Ironwood Daily Globe from Ironwood, Michigan on June 9, 1965 · Page 8
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Ironwood Daily Globe from Ironwood, Michigan · Page 8

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Wednesday, June 9, 1965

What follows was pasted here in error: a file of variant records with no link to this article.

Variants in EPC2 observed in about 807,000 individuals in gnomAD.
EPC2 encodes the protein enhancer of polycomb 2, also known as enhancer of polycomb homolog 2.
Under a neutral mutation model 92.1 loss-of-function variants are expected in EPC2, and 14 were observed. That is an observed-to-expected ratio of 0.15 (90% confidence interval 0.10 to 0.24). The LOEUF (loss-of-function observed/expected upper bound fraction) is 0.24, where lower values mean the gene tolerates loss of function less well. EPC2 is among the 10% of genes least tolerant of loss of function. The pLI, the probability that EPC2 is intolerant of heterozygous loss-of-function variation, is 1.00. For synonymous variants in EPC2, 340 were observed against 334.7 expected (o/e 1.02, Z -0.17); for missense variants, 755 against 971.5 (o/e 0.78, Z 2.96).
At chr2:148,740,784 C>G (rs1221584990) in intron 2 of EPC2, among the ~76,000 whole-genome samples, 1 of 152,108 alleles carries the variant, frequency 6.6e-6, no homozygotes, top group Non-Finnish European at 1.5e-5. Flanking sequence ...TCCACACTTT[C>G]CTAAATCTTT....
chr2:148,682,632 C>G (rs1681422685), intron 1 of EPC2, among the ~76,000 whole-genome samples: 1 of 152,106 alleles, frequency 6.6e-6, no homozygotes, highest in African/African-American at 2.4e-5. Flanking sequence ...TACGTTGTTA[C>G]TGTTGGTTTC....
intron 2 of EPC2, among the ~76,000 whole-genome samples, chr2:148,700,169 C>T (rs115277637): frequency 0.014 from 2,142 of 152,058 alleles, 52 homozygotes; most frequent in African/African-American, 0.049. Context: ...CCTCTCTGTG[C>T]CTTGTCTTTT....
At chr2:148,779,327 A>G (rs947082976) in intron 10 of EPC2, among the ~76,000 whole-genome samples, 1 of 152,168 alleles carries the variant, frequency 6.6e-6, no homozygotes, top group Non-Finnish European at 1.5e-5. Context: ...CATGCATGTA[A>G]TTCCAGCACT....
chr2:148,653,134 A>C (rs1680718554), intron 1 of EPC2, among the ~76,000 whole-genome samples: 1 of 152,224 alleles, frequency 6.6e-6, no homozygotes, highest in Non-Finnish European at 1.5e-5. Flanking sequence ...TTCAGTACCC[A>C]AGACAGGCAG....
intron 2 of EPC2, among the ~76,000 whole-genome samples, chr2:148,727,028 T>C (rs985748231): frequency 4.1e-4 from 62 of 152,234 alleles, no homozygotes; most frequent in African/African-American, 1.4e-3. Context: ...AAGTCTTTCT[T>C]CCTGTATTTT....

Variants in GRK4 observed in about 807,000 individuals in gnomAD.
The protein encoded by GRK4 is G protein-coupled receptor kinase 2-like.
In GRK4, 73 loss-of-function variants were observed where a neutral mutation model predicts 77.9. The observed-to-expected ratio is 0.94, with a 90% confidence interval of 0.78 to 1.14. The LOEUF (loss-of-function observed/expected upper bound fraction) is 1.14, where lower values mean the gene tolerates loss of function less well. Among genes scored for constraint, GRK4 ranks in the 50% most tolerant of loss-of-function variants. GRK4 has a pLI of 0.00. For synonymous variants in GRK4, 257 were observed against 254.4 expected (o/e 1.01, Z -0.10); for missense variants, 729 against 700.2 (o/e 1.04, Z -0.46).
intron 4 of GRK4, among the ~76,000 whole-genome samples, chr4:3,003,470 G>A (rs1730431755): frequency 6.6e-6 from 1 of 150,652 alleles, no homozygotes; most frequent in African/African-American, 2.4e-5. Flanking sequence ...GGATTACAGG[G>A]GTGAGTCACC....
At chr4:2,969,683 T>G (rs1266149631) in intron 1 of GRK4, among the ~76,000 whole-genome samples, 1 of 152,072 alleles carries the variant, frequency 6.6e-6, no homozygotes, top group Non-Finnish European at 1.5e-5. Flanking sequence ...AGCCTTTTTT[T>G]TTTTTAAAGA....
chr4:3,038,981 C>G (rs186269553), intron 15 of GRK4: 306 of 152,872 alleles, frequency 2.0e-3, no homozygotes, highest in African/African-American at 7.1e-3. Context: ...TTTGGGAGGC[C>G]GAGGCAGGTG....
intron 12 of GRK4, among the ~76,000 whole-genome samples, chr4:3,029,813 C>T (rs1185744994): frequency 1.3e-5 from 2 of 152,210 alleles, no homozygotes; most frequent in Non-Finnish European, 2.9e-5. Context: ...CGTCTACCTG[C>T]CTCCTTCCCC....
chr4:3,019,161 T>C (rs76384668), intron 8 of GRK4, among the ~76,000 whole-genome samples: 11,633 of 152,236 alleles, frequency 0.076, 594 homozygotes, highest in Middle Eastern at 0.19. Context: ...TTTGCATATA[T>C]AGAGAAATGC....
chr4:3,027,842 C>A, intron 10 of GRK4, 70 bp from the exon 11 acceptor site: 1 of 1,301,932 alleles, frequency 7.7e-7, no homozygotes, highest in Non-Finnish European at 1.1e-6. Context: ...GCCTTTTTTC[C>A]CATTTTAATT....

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CIOHT IRONWOOD DAILY GLOBE, I RON WOOD, MICHIGAN WEDNESDAY, JUNE 9, 1»63. Pro Grid Leagues Start No-Holds-Barred Expansion War Both AFL, NFL Consider Atlanta Prime Prospect By MIKE RATHET Associated Press Sports Writer OCEANPORT, N.J. (AP)— The American Football League's decision to tap Atlanta for a 1966 franchise, combined v/tth the late-night ride of Pete Rozelle, has pushed the two professional leagues off the brink and over the precipice into a no-holds-barred expansion war. While the AFL, in Oceanport, N.J., was awarding a franchise to Atlanta Tuesday, National League Commissioner Rozelle was in the Southern city, waving the NFL flag while stating, "Atlanta is a prime prospect for NFL expansion. We could expand with no trouble in 1966. We have discussed this." Then, suddenly, the emphasis shifted to the Cox Broadcasting CoL, which had been awarded the AFL's Atlanta franchise for $7,5 million—the largest price ever paid for a pro football team. The awarding of the franchise, however, rests with the broadcasting company getting a suitable playing field. That threw the ball to the Atlanta Stadium Authority, which has a new $25-million stadium for the use of the incoming Milwaukee Braves and apparently only one pro football team. The authority, which met with both the Cox group and Rozelle, said it would wait until July 1 before making any announcement but that the stadium would be rented "effective for the 1966 season, in either football league." • The key word appeared to be either—which seemed to preclude both. Buck to the Cox group, which issued a statement saying that their offer "also contained a time limit which would expire well in advance of the July 1 deadline. Therefore, they have taken the entire matter up for reconsideration. We are study- Ing this matter. There has been no withdrawal." A lateral to Foss, who said the matter of the stadium was an Issue to be resolved between the stadium authority and the Cox group. But the commissioner did admit that the AFL franchise had been awarded contingent upon the Cox group having a suitable stadium. 'That, at present, they do not have. Last week Rozelle recommended that the NFL expand from 14 teams to 16 teams for the 1967 season. But Monday night, possibly apprehensive about the AFL moving into the television-rich Atlanta territory, Rozelle hopped a plane to Atlanta to plant the NFL flag. The announcement of Atlanta's selection was not unexpected, but there was considerable surprise expressed at the AFL's inability to reach a decision on a 10th team for 1966. Foss said he was "not disappointed. There were several applicants still involved from oth er cities to be considered for the 10th city and we decided to move on it systematically and orderly." Tigers Sign 7 In Annual Draft NEW YORK (AP) — The Detroit Tigers drafted seven high school and college baseball players in the annual draft Tuesday and four Michigan ballplayers were signed by other clubs. William Lamont, 18, of Kirkland, HI., was signed by the Tigers as a catcher. , The Tiger's Syracuse farm club drafted 18-year-old Douglas Carson, a shortstop from Sacramento, Cal., and Andy Messersmith, a 19-year-old righthand- ed pitcher from Los Alamitos, Cal. , The following players will be sent to the Tiger farm club in Montgomery, Ala.: Dennis Grosinl, 17, lefthanded pitcher from Lompoc, Cal.; Robert Reed, 19, righthanded hurlei from Flint; Thomas White>, 17, third baseman from Spartanburg, S. C., and William Bradley, 18, shortstop from Palestine, Tex. ; JBernardo Carbo, 17, a third baseman from Garden City, Was drafted by Cincinnati. K0ther Michigan ballplayers drafted were: Dave Kreniew- Je$.18, outfielder from Wyan- 0ttte.,to the Tulsa farm club of Sir Louis; Roger Hayward, 17, tighthanded pitcher from Pon- tlac to the Columbus farm club of Pittsburgh; and Harold Ru- lleraoDi '90, a righthanded pitch- Jpimm Alma and Central Michigan University, to the Williams: jBOTt, 'JJ, Y;; farm club of the New York Mets. Woodeshick Commits Balk to Hand Pirates 7-6 Decision Houston's Hal Woodeshick, who used to be National League's safest late inning risk chis side of Al McBean, has become accident prone. The Astros' southpaw relief specialist, who led NL pitchers with 22 saves last year and was a close second to Pittsburgh's McBean for Fireman of the Year laurels, handed the streaking Pirates a 7-6 victory Tuesday night by committing a two- out, bases-loaded balk in the llth inning. It was Pittsburgh's fourth FIRST IN STATE—Elsie Mae Soderstrom, Bergland High School sophomore, placed first in the state in the 75-yard dash in the girls' and women's statewide telegraphic track and field meet this .spring, it is reported by Supt. Edwin L. Carlson. Elsie had the remarkable time of 9.1 seconds for the 75-yard dash. She also came in sixth in the 100- yard dash. She is the daughter of Mr. and Mrs. Carl Soderstrom of Merriweather. Her coach was Miss Ruthe Potami, the high school's girls' physical education instructor. Safe Athletic Rules Adopted DETROIT (AP) — In a move against rowdiness at high school athletic events, the Detroit Board of Education voted un-, amimously Tuesday night to ban night games and to restrict attendance to pupils, faculty and officially identified parents. The controls were recommended by Dr. Samuel Brownell, superintendent of schools, who said it was aimed to preserve high school competition. Last March 9 nine youths were stabbed following a Northwestern • Highland Park basketball game at University of Detroit High School. All of those stabbed were white. Police said the victims told them Negroes stabbed them. Other recommendations by Brownell which were adopted included: Not more than one game will be scheduled within one police precinct in one day. —The principal is in charge of, all school events. •^-Ticket- sales will be lirmt- ted to a predetermined number of spectators. Despite the .night-time ban, competition in state tournaments will continue. After the March 9 stabbings, all Detroit preliminaries in the estate High School Basketball Tournament were switched to daytime and spectators barred. Lansing and East Lansing finals went on at night without incident. straight victory and 16th in the last 18 starts, vaulting the Pirates back into the first division for the first time since April 25. In the cellar two weeks ago. they share fifth place with St. Louis, one game under 500, today. The Astros, meanwhile, dropped their ninth extra-inning decision and 12th one-run game of the season. Woodeshick has been the villain in the last three one-run losses. The 33-year-old veteran allowed only three home runs in 61 appearances last season. Woodeshick checked a Pittsburgh rally in the ninth Tuesday night and pitched out of a jam in the 10th before failing in the llth. Singles by Manny Mota and Bill Virdon and a walk to Roberto Clemente loaded the bases with one out. Andre Rodgers bounced to the mound but Woo- deshick slipped fielding the ball and had to settle for a force at the plate. Then, with Donn Clen- d e n o n at bat, Woodeshick balked and Virdon trotted home with the winning run. The first-place Los Angeles Dodgers nipped Philadelphia 21 on Maury Wills' run-scoring single in the ninth; Cincinnati edged St. Louis 5-4 on successive sixth-inning homers by Leo Cardenas and pinch-hitter Art Shamsky, and a two-run double by slump-ridden Willie Mays carried San Francisco past the New York Mets 2-1 in other NL night games. Milwaukee exploded four homers in the 10th inning for an 8-2 victory over the Chicago Cubs in an afternoon game. Lou Johnson opened the Dodgers' ninth with a single, moved around on a sacrifice and ground out and scored on Wills' hit, capping an LA comeback against Jim Bunning. The Philadelphia right-hander had a 1-0 lead until the eighth, when Wally Moon's run-scoring single tied it. Cardenas, with one on, and Shamsky connected off St. Louis ace Bob Gibson who has lost four in a row after winning his first eight decisions. The homers wiped out a 4-2 deficit and reliever Joe Nuxhall held the Cardinals hitless the rest of the way. Mays, hitless in 18 previous trips to the plate, doubled off Galen Cisco in the first Inning at New York, scoring Dick Schofield and Jesus Alou. Bob Shaw and reliever Frank Linzy made the runs stand up. Linzy pitching out of a bases-loaded bind in the ninth. Mets rookie Ron Swoboda homered off Shaw in the fifth. Joe Torre's pinch-hit homer broke a 2-2 tie in the 10th inning at Chicago and, before the side went out, Felipe Alou, Gene Oliver and Hank Aaron had blasted homers, pulling the Braves out of reach. Farm Baseball League to Open Season With 2 Games Thursday Smeeth's Posts First Victory Smeeth's won its first I r o n- wood Slow-Pitch Softball League game Monday evening with a 14-4 drubbing over the Junior Chamber of Commerce squad. Krause was the winning pitcher for Smeeth's and L e h t o suffered the loss. Three home runs were blasted in the affair, one b y Morin of Smeeth's and one each by Niemi and Johnson of Junior Chamber. Smeeth's outhit the Chamber in the affair 21-11. Ironwood Babe Ruth Baseball League Begins Its 9th Year The Ironwood Babe Ruth League began its ninth year of operation here last week with four teams in membership. For several years, five teams have been in the circuit, i n eluding one made up exclusively of boys from Ironwood Township. This team, previou s 1 y known as the Twins, has been disbanded, and boys from that district will compete in a separate program this summer. In order to make a more varied schedule, the local league has arranged with the Bessemer Babe Ruth League to play a large number of inter-league games with a single championship to be determined. At the conclusion of the season, however, each league will supply a separate all-star team to participate in the state tournament program which is conducted annually and which eventual 1 y pro duces state and national champions. The Babe Ruth program originated in Hamilton Township, New Jersey, as a local youth athletic activity. Babe Ruth Baseball has become the world's largest teenage baseball program for boys in its age bracket. Its aim is to provide wholesome amateur baseball for 13, 14 and 15 year old boys. The games are played on re- gulation diamonds and are seven innings in.length. The national league has members from every state in the Union and affiliates from Canada, Mexico, Puerto Rico, Central and South America, Europe and Africa. The Ironwood Babe Ruth League was established in 1957. Its first director was W i 1 lia m Kennedy, who was followed by Harold Palmer. The present directoi is Wayne Melchlori. Officers of the local league are: President, Robert Olson; vice president, Russell Larson; secretary-treasurer, James Sh e r i- dan. Sheridan has held this post since the league's establishment The league is sponsored jointly 'oy the Rotary and Kiwanis Clubs, but depends promar i 1 y upon public support of its fund raising projects to provide for financial needs. A teenage dance is cheduled for the Ironwood National Guard Armory, June 12, to help supply funds for the 196 r - program. Each of the four league teams has two managers and a squad of not more than 15 players. The local managers are: Red Legs, Steve Thomas; Athletics, Charles VanLokeran, Frank Dellmba; Orioles, Bob Backon, John Pachmayer; Giants, H o !ward Willson, Cliff Koivisto. WORKING MAN—Charlie Dressen, manager of the Detroit Tigers, is back at work again following a three-month absence to recover from Ing. Detroit Collects Only Four Hits LOS ANGELES (AP) — With Hank Aguirre scheduled for pitching chores tonight the Detroit Tigers will be out to even their three-game series with the Los Angeles Angels. The Angels' Fred Newman held the Tigers to four hits Tuesday night, posting his third victory of the season against Detroit as the Angels defeated the Bengals 3-1. Slated to face Aguirre is southpaw Marcelino Lopez, who is 7-3 for the season. Los Angeles drew first blood in the game when Albie Pearson's third-inning triple scored Newman. A double by Al Kaline, followed by a single by Willie Horton, scored the single Tiger run in the fifth inning. The Angels added two more in the sixth off Dave Wickersham on a single by Al Spangler, a triple by Willie Smith and a single by Joe Adcock. Wickersham took his fourth loss of the campaign against a single victory. The 19-game winner of 1964 hasn't tasted victory since he beat the Minnesota Twins on April 15. The igers go into tonight's game in a fourth - place tie with Baltimore for fourth place in the American League, 6V£ games behind league leading Minnesota. After tonght's game the Tigers take Thursday off before returning to Detroit to open a 13 game home stand, meeting Minnesota, Boston, Kansas City and Los Angeles. DETROIT AB R H BI By MURRAY CHASS Associated Press Sports Writer Staging a. revolution from the light, phase Joe two Horlen in his has begun attempt to 0 M'A'liffe ss 4 0 1 Lumpe 2b 40 0 Cash Ib 4 0 0 Kaline cf 3 l 2 Horton If 3 o 1 Norlhrup rf 3 0 0 WerL 3b 3 0 0 Freehan c 2 0 0 Demeter ph 1 o 0 Moore c o o 0 0 Wi'k'h'm p 2 o 0 0 Brown ph 1 0 0 0 Totals 30 1 4 1 LOS ANGELES AB R H BI Pearson rf 4 0 1 l Spar.gler cf 4 l i o Fregosi 3 0 1 o Smith If 4 l 1 i Adeock Ib 3 0 l l Power Ib 0 0 0 0 Rodgers c 1 0 0 0 Schaal 3b 3 0 0 0 Gotay 2b 3 0 2 0 Knoop 2b 0 0 0 0 Newman p l l o o Totals 26 3 7 3 Detroit 000 010 000—1 Los Angeles 001 002 OOx—3 E—None. DP—Detroit 2, Los Angeles 1. LOB—Detroit 2, Los Angeles 4. 2B—Kaline, Gotay. 3B—Pear- son, Smith. S—Fregosi. H 7 4 3 1 IP Wk'sm 8 N'wman 9 W— Newman ersham (1-4). HBP— By Wickersham gers t. WP— Wickersham. 1:48. A— 4,516. R ERBBSO (7-3). ,L— Wick(Rod T Racing Track Is Completed Completion of the new stock car racing track at the G o - gebic County Fairgrounds here has been announced by the Hiawatha Racing Association. The track has been built in the infield of the horse racing track. Car specification lists were distributed at the meeting held Monday night. Members who did not receive copies then may obtain them at the next meeting to be held at 7 next Monday night, June 14, at the Sport Bowl here. ^ Major League Stars By THE ASSOCIATED PRESS Pitching — John O'Donoghue Kansas City, pitched a three-hitter as the Athletics halted the New York Yankees' four-game winning streak with a 3-2 victory. // Batting WUlie Mays, San Francisco, broke out of a zero- for-18 batting slump with a run double that gave the Giants a 2-1 triumph York Mets. over the New overthrow lefty Gary Peters as strong man of the Chicago Whits Sox pitching staff. Horlen pushed Peters closer to the brink Tuesday night, continuing his masterful pitching while adding a potent offensive Golfers Qualify For U.S. Open BLOOMFIELD HILLS (AP)— Bob Gajda of Bloomfield Hills, Detroiters Eldon Briggs and Bud Stevens and 10 other golfers qualified in sectional trials at Birmingham Country Club Tuesday for a spot in the U. S. Open Tournament. Gajda, pro at Forest Lake Country Club, fired rounds of 71-69—140. He took third place in the 13-rnan field that qualified for the tournament June 17-20 at Bellerive Country Club, St. Louis, Mo. Howie Johnson of Palm Springs, Calif., had only one bogie all day as he shot 68-68— 136 f DI the qualifying lead on the par-71 course. Veteran Sam Snead, 53, took second place with 67-70—137. Briggs, assistant pro at Detroit Golf & Country Club, as seventh among qualifiers with 73-73—144. Stevens, the only amateur to qualify here, had an eagle three on a 30-foot putt at the 18th hole in the first round. The Western Golf and Country Club player put together a 72-72—144 for ninth place. Stevens won the Michigan Medal Play three weeks ago. Snead, making his 25th attempt at the National Open title he has never won, also had an eagle three on the 18th hole in the morning round. He putted 60 feet. Other top golfers who qualified included Jim Ferrier of Burbank, Calif., 67-75 — 142; Art Wall Jr., of Honesdale, Pa., 68-74—62, and Phil Rodgers of Perdido Bay, Fla., 71-72—143. Tommy Bolt of Tallahassee, Fla., dropped out after 9 holes. He was one over par when he left the course. Dr. Cary Middlecoff of Memphis, Tenn., was cut with 77-72149, and former PGA champion Walter Burkemo of Detroit lost out with 76-78—154. Twenty - seven professional golfers and eight amateurs contested for the 13 places. Hyndman Leads U.S. Contingent PORTHCAWL, Wales (AP) Bill Hyndman rustled up his 49- year-old bones today and, given a little more lousy British weather, he can be a golf champion in these parts. The Philadelphia Insurance broker went into the third round of the British Amateur Championship. Leading the American contingent of 15 among the remaining 64 entries, he was never more competent in his game, nor confident in his outlook. At almost a half century, Hyndman would be defying his> lory to win this weeklong marathon. But he hasn't been convinced he can't do it — not after Tuesday's 7 and 6 triumph in which he'was one under par for the short distance of his battle and hitting the ball straight down the middle. He beat England's Mike Bills. "I was third amateur in the Masters at Augusta this year,' said Hyndman, "and that was after taking 75 putts in the last two rounds. ••••1^ K^n|KH w%&3UKMm M&i' M^^fe./c-™ %$«r5?9 t ~;B ^Jl i^MBTiv i^'jrifl {^•feT'^/v^V^B a^ajaw.x^ , ^a^a^ai p4 '- -T;V ^^^"Hdr I^H^H ^W~*fL^Wy><iU , MB^W e suffered during spring train- our Hits t to Angels A^APC < Tf\IF cicrs r or ? Supremacy weapon in Chicago's 7-2 victory 3ver Boston. The 27-year-old right-hander ignited his operation last season in taking the team lead in earned run average away from Peters. He hasn't let up at all this year and now is threatening to surpass Peters as the team's best hitting hurler. Horlen collected three singles, the second driving in a sixth- inning run that snapped a 2-2 deadlock and put the White Sox ahead to stay. The performance shot Horlen's batting average' to .250 compared with .138 for Peters, who often has been used as a pinch hitter. His four-hit pitching, meanwhile, brought Horlen his sixth triumph, most on the team, against three defeats. His earned run average of 1.93 is Chicago's best as well as being among the best in the American League. Peters, now 4-4 with a 3.81 ERA, won 20 games to 13 for Horlen last season, but the right-hander's ERA of 1.88 was the lowest for the White Sox in 35 years and second only to Dean Chance's 1.65 in the AL. Peters' ERA last year was 2.50. Against the Red Sox, Horlen allowed two hits in the second inning, one of them Lee Thomas' llth homer, and two more in the third, then retired the final 19 batters he faced. He didn't walk anyone and now is averaging less than one walk per game In other AL contests, Minnesota stopped Cleveland's five- game winning streak 6-2, Kansas City ended New York's four- game string 3-2, Los Angeles trimmed Detroit 3-1 and Washington blanked Baltimore 2-0. Unbeaten Camilo Pascual won his eighth game after surviving Cleveland home runs by Rocky Colavito and Max Alvis. The Twins socked a pair of their own homers, Harmon Killebrew with two on in the first inning and Earl Battey with one aboard in the fourth. John O'Donoghue brought his record to 3-7 with a three-hitter against the Yankees. He held New York hitless until the fifth inning when Clete Boyer tripled home two runs. The Athletics won it in the sixth on a bases- loaded single by Ed Charles. Fred Newman turned in an- Opening games of the Ironwood Farm Baseball League's 1965 season are scheduled for Thursday morning at Randa Field. . Eight teams have been organized of boys between the ages of 8 and 12 years . League Director John Krznarich expects even more boys to join the league within the next week or so. Last year the league operated nine teams and the Bombers won the season champion ship with a near-perfect record by winning 11 of their 12 games. The Farm League is part of the summer recreation program sponsored by the Ironwood Pub- NHL Teams Begin Draft Session ^a^ • ^n • • 4^ ^F Wv> ^ar BJ • MONTREAL (AP) — Three trades, the minor league draft and a pair of waiver transactions have shuffled 26 players and set the stage for today's National Hockey League draft session, highlight of the league's summer meetings. The New York Rangers and Boston Bruins, also-rans in the six-team league last season, figured in multi-player deals with Montreal and Toronto, respectively, Tuesday and were expected to be active today — when players not on their clubs' protected lists were subject to the intra-league draft. The last-place Bruins acquired forward Ron Stewart, a 13-year Toronto veteran, from the Maple Leafs in exchange for defenseman Pat Stapleton and forwards Orland Kurtenbach and Andy Hebenton. The fifth-place Rangers sent center Earl Ingarfield, a New York regular for five season, plus three minor leaguers — forwards Dave McComb and Gordon Labossiere, defenseman Noel Price — and an undisclosed amount of cash to the Canadiens for goalie Cesare Maniago and forward Gary Peters. Montreal farmhands in 1964-65. The Canadiens also sent Bryan Watson, 22, to Chicago for Don Johns, 27, in a swap of second-line defensemen. New York, seeking to strengthen its goalie complement; after Jacques Plante's retirement announcement Monday night, also picked up veteran Don Simmons, who had playpd goalie previously for Boston and Toronto, in the minor league draft. Finally, the Rangers acquired Billy Knibbs, 23-year-old center who divided last season between Boston and Minneapolis, from the Bruins for the $30,000 waiver price. In other waiver deal, the Detroit Red Wings obtained Don McKenney, former Boston, New York and Toronto forward, from the Maple Leafs' Rochester AHL farm. other outstanding pitching performance, holding Detroit to four hits and increasing his record to 7-3. The Angels broke a 1-1 deadlock with two sixth- inning runs as Willie Smith tripled in one and scored the other on Joe Adcock's single. Washington handed Baltimore its second straight shutout as Pete Richert and Ron Kline combined for a four-hitter. Baseball Executives Confident Of Signing Drafted Players By JOE REICHLER Associated Press Sports Writer NEW YORK (AP) — Baseball executives may have some persuasion problems ahead of them but they expressed confidence today that virtually all of the 20 high school and college players picked in the first round of the free-agent draft will be signed long before the six-month deadline. It won't be smooth sailing all the way for the baseball clubs who selected 320 youngsters Tuesday and may pick at least that many more today in the unprecedented draft. The baseball owners may have to pay out more money than they figured in some cases. They may yield thousands of dollars here and there because there are some people in baseball and in Congress who doubt the legality of the draft. Minnesota's Twins may have to up their bid to Eddie Leon, an 18-year-old shortstop from the ranging up to $100,000. Catcher Ken Plesha, who just completed his sophomore year at Notre Dame, already has been signed by the Chicago White Sox. The figure was believed to be around $25,000. Another, highly publicized selection, Rick Monday, was expected to sign a Kansas City contract just as soon as the College Baseball World Series at Omaha, Neb., comes to an end. Monday, a 19-year-old sophomore outfielder at Arizona State U., was the No. 1 draft choice. Hank Peters, general manager of the A's, said he planned to fly to Tempe, Ariz., next week. He indicated he would offer Monday about $100,000 and smilingly added that he anticipated no difficulty in signing the left- handed hitter. The New York Mets, who had second choice because of their Ip.st-piace finish in the National League — the clubs picked in inveise order of their 1964 finish ic School system and is operated as a division of the Little ,eague, helping to prepare boys or playing in the latter circuit All of the league games will be played at Randa Field. Two _ames are scheduled to be played each morning, Monday hrough Friday, with the first game starting at 9 each day. Two games are slated for Thursday with the Angels meet- ng the Twins in the season opener at 9 and the Fighters facing ;he Lions in the second encounter. Following are the team rosters: Angels — Ken Wills, Mike Semenak, William Corcor a n, Peter Lewinski, Leo Stanczak, Randy Maki, Phil Nelmark, Jruce Harma, Robert Youngberg, Jim Magdziak, Oreg Oliver, David Oja. ' Bombers — Robert Carll, Larry Carli, Tim Schmidt, Pet« Hermas, William Blake, Terry Mildren, Brian Ceccon, Joe Simonich, Mike Balduc, Bill Balduc. Van Anglim, Mike Palmer. Fighters — Mark Dalpra, Larry Comparin, Pat Comparin, John Kolodziej, Walter Hoglund, Don Kessler, Kelly Me R a e, Richard Maki, Randal M a k 1, John Klvi, Art Syrala, Al Basso, John Toijala. Hawks — Mike Pavlovich, Don Baker, Dave Baker, Scot Lund, Brie Erickson, Steve Lahti, Don Danielson, Greg Maki, Craig Lewinski, Mark Skaggia, Tom Burd, Norb Buinowski, Ted Thomas. Hustlers — Tom Panich, Paul Hiekkela, Doug Erickson, Lev lie Johnson, Jim McRae, Rudy Grbavcich, George Pisco, Mark Jackson, Dean Searle, Gerald Moon, Frank Kurta, Randy Lento. Lions — Allan Erickson, Phil Anderson, Dale Chronzy, Ray Mollard, Robert Benson, Brian Erickson, Ronald Chronzy, Ole Hakamaa, Pat Peterson, Joe Shiroda, Ronald Kauppi Red Raiders — Tom Sopko, Paul Anderson. Jeff Wertanen, Gary Mariani, Steve Shawbltz, Pat Krause, Robert Usitalo, Griffin Coxey, Paul Fudaly, Wayne Kolesar, Greg Stano, Dave Usitalo. Twins — William Shiroda, Mike Lonsway, Larry Kirkley, Jim Lorenson, Perry Roberts, Tim Tampio, Charles Lorenson, Jim Gertz, Greg Eskola, Tim Kennedy, Tom Lindberg, Mark Bertini, Mark McDonald, F. LeineKe. Following is the schedule for the first round of play, with the teams listed first playing tht first game each day: June 10 Angels vs Twins Fighters vs Lions June 11 Red Raiders vs Bomben Hawks vs Hustlers June 14 Hustlers vs Red Raiders Twins vs Bombers June 15 Hawks vs Lions Angels vs Fighters June 16 Fighters vs Hawks Twins vs Hustlers June 17 Bombers vs Angels Lions vs Red Raiders June 18 ' Angels vs Hawks Red Raiders vs Fighters June 21 Lions vs Twins Hustlers vs Bombers June 22 Lions vs Bombers Hawks vs Red Raiders June 23 Hustlers vs Angels Fighters vs Twins June 24 Bombers vs Fighter* Hustlers vs Lions June 25 Hawks vs Twins Red Raiders vs Angels June 28 Angels vs Lions Fighters vs Hustlers June 29 Twins vs Red Raiders Bombers vs Hawks Hazel Park Feature Won by Itsaparenr HAZEL PARK (AP)—Clarencs Meaux rode Itsaparent to victory in the $4,500 featured seventh race at Hazel Park Tuesday. Little Meg, Boston Babble, Bazooka and Traffic Town made up the twin double combination. No tickets were sold on Traffic Town and the consolation twin double paid $4,101 on 12 winning tickets. The daily double combination of Union Bridge and Jesteres* paid $44.40. University of Arizona. The — chose Les Rohr, a highly re- youngster was quoted in Tucson garded left-hander from West as saying he would remain in High School in Billings, Mont, school unless he was offered Bing Devine, assistant to the more than $20,000. president of the Mets, spoke CaMn Griffith, president of with Rohr and his father even the Twins, acknowledged Leon before the second round of the had been contacted but he de- draft was concluded and indi- clined comment on whether a cated he expected no trouble in definite offer had been made to signing the e-fbot-5, 19-year-old the talented sophomore. pitcher. An educated guess is Other first-round picks ap- that Rohr will receive a bonus peartoj set to sign for bonuses, of $50,000. Talk about PROTECTION! only $ 20 ptr 6 mot. buys yoyi • $25,00 liability & p.d. • $500 medical • $20,000 uninsured motorist HELLIE-KEETON Af , neT 234 E. Aurora ' Di. 832-111!